Mayor looks to complete “Vision” in 2009
Columbus Mayor Fred Armstrong says the city will likely finish its downtown revitalization plan, in 2009 despite shortfalls in the city’s tax revenue.
The city began the “Vision 20/20” plan four years ago with the intent of bringing a new parking garage, indoor sports arena, hotels and office building to downtown. Armstrong says 2009 should see the last pieces of the puzzle completed or on their way to being so.
That includes a retooled Commons, Columbus’ downtown retail and meeting space. Armstrong says the Commons project will cost around $18 million. Half of that total has been donated by private individuals, companies and foundations.
“[It’s the] perfect time to be building this. Interest rates are way down. Steel prices are way down,” Armstrong said. “I look in 24 months that the economy will start to turn around, I hope. What better time to save taxpayer’s money when only half of the money will be bonded and at some really good interests rates and materials cost.”
Armstrong says the new Commons, which will feature an expanded indoor park and banquet areas will not add to the city’s architectural legacy. He says the city has a difficult time balancing the city’s want for architecturally distinguished buildings while also meeting its bottom line.
“This Commons: it’s not going to be an architectural wonder. It’s going to be a basic facility that looks pretty decent, okay?” Armstrong said. “But then again we’ve have a little help with architectural fees. How are you going to kick anybody in the teeth over that one?”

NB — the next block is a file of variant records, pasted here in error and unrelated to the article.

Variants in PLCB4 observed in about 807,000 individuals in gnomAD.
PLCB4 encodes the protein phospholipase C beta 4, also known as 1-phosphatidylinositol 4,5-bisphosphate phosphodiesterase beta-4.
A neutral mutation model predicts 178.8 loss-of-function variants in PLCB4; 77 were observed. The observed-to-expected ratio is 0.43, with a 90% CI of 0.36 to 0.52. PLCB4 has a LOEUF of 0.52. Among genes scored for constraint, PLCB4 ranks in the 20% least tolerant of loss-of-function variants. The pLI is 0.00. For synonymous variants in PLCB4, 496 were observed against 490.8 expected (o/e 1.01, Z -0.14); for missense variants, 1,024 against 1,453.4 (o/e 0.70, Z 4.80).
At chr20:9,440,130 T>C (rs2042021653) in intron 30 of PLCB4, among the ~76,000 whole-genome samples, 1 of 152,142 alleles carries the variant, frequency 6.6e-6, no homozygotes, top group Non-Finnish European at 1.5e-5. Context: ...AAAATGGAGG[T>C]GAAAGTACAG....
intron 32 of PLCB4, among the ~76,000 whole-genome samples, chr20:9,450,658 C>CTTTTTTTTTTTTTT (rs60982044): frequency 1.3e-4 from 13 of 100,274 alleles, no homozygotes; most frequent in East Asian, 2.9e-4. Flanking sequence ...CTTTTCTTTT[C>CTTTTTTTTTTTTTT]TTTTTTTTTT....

Armstrong says the city is also close to making “positive announcement” concerning an indoor sports arena at Mill Race Park within the next seven to ten days.
City Heads to Train in Business Management Strategy
To help the city shrink its budget in the face of falling property tax revenues, every department head in the city of Columbus will attend a class next week to learn a cost cutting methodology employed by many private companies. Columbus Mayor Fred Armstrong says the city personnel will train at Ivy Tech in the Six Sigma business management strategy. It’s a method that seeks to remove the causes of errors and redundancies in business practices. It also creates a karate-like belt designation system that indicates an individual’s level of Six Sigma competence. Armstrong says city heads will be going for their “yellow belt” designation.
“Hope they can run their departments better and more practical and for less money, if possible. Again, it’s sometimes more than dollars and sense savings. It’s just a new way of doing business,” Armstrong said. “How can you do something better moving less pieces of paper? Cut some corners. Get some things done quicker, but more efficiently. When there is a lack of communication, something happens, and it’s usually bad.”
Armstrong says department heads will spend their entire work days at Ivy Tech on January 16th striving towards their yellow belts.